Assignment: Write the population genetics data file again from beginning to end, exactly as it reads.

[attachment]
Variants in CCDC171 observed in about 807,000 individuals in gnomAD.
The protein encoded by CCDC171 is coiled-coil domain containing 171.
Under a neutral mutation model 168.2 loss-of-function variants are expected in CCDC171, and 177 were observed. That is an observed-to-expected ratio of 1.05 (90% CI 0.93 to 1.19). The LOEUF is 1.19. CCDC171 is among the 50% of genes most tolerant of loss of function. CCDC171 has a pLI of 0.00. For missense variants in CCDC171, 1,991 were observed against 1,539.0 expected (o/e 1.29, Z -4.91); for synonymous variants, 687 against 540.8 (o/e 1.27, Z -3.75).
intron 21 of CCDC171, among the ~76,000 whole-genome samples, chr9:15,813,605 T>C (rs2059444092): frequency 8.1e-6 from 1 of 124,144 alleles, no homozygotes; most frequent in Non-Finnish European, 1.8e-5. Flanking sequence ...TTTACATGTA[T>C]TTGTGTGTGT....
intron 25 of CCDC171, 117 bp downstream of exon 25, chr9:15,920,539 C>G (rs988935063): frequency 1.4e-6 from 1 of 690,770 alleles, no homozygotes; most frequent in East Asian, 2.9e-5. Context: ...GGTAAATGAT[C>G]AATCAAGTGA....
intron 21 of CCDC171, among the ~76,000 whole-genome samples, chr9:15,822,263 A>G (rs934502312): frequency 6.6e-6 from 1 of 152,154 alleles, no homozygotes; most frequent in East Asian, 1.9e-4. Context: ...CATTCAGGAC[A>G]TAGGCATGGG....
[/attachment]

Variants in CCDC171 observed in about 807,000 individuals in gnomAD.
The protein encoded by CCDC171 is coiled-coil domain containing 171.
Under a neutral mutation model 168.2 loss-of-function variants are expected in CCDC171, and 177 were observed. That is an observed-to-expected ratio of 1.05 (90% CI 0.93 to 1.19). The LOEUF is 1.19. CCDC171 is among the 50% of genes most tolerant of loss of function. CCDC171 has a pLI of 0.00. For missense variants in CCDC171, 1,991 were observed against 1,539.0 expected (o/e 1.29, Z -4.91); for synonymous variants, 687 against 540.8 (o/e 1.27, Z -3.75).
intron 21 of CCDC171, among the ~76,000 whole-genome samples, chr9:15,813,605 T>C (rs2059444092): frequency 8.1e-6 from 1 of 124,144 alleles, no homozygotes; most frequent in Non-Finnish European, 1.8e-5. Flanking sequence ...TTTACATGTA[T>C]TTGTGTGTGT....
intron 25 of CCDC171, 117 bp downstream of exon 25, chr9:15,920,539 C>G (rs988935063): frequency 1.4e-6 from 1 of 690,770 alleles, no homozygotes; most frequent in East Asian, 2.9e-5. Context: ...GGTAAATGAT[C>G]AATCAAGTGA....
intron 21 of CCDC171, among the ~76,000 whole-genome samples, chr9:15,822,263 A>G (rs934502312): frequency 6.6e-6 from 1 of 152,154 alleles, no homozygotes; most frequent in East Asian, 1.9e-4. Context: ...CATTCAGGAC[A>G]TAGGCATGGG....